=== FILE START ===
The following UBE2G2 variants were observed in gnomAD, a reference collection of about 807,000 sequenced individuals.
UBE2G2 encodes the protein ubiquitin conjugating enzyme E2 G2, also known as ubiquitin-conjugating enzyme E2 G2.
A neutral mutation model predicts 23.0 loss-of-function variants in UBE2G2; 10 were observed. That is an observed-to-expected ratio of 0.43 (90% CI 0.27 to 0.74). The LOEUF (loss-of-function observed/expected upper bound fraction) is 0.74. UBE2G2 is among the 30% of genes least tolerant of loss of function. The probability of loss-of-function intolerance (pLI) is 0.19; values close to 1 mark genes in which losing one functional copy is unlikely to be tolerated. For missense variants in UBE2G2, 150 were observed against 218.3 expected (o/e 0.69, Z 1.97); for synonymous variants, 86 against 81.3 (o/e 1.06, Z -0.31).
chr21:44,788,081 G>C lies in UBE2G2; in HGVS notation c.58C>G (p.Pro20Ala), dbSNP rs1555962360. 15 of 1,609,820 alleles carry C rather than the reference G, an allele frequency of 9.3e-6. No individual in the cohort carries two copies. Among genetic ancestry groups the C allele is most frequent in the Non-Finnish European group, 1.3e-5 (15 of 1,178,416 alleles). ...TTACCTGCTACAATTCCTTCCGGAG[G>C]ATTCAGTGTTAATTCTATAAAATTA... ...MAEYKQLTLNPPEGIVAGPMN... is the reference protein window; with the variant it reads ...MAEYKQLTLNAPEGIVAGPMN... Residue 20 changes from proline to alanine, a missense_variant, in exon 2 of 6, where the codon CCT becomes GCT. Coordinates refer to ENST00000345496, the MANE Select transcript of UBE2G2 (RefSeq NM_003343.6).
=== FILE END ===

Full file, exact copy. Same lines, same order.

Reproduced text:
The following UBE2G2 variants were observed in gnomAD, a reference collection of about 807,000 sequenced individuals.
UBE2G2 encodes the protein ubiquitin conjugating enzyme E2 G2, also known as ubiquitin-conjugating enzyme E2 G2.
A neutral mutation model predicts 23.0 loss-of-function variants in UBE2G2; 10 were observed. That is an observed-to-expected ratio of 0.43 (90% CI 0.27 to 0.74). The LOEUF (loss-of-function observed/expected upper bound fraction) is 0.74. UBE2G2 is among the 30% of genes least tolerant of loss of function. The probability of loss-of-function intolerance (pLI) is 0.19; values close to 1 mark genes in which losing one functional copy is unlikely to be tolerated. For missense variants in UBE2G2, 150 were observed against 218.3 expected (o/e 0.69, Z 1.97); for synonymous variants, 86 against 81.3 (o/e 1.06, Z -0.31).
chr21:44,788,081 G>C lies in UBE2G2; in HGVS notation c.58C>G (p.Pro20Ala), dbSNP rs1555962360. 15 of 1,609,820 alleles carry C rather than the reference G, an allele frequency of 9.3e-6. No individual in the cohort carries two copies. Among genetic ancestry groups the C allele is most frequent in the Non-Finnish European group, 1.3e-5 (15 of 1,178,416 alleles). ...TTACCTGCTACAATTCCTTCCGGAG[G>C]ATTCAGTGTTAATTCTATAAAATTA... ...MAEYKQLTLNPPEGIVAGPMN... is the reference protein window; with the variant it reads ...MAEYKQLTLNAPEGIVAGPMN... Residue 20 changes from proline to alanine, a missense_variant, in exon 2 of 6, where the codon CCT becomes GCT. Coordinates refer to ENST00000345496, the MANE Select transcript of UBE2G2 (RefSeq NM_003343.6).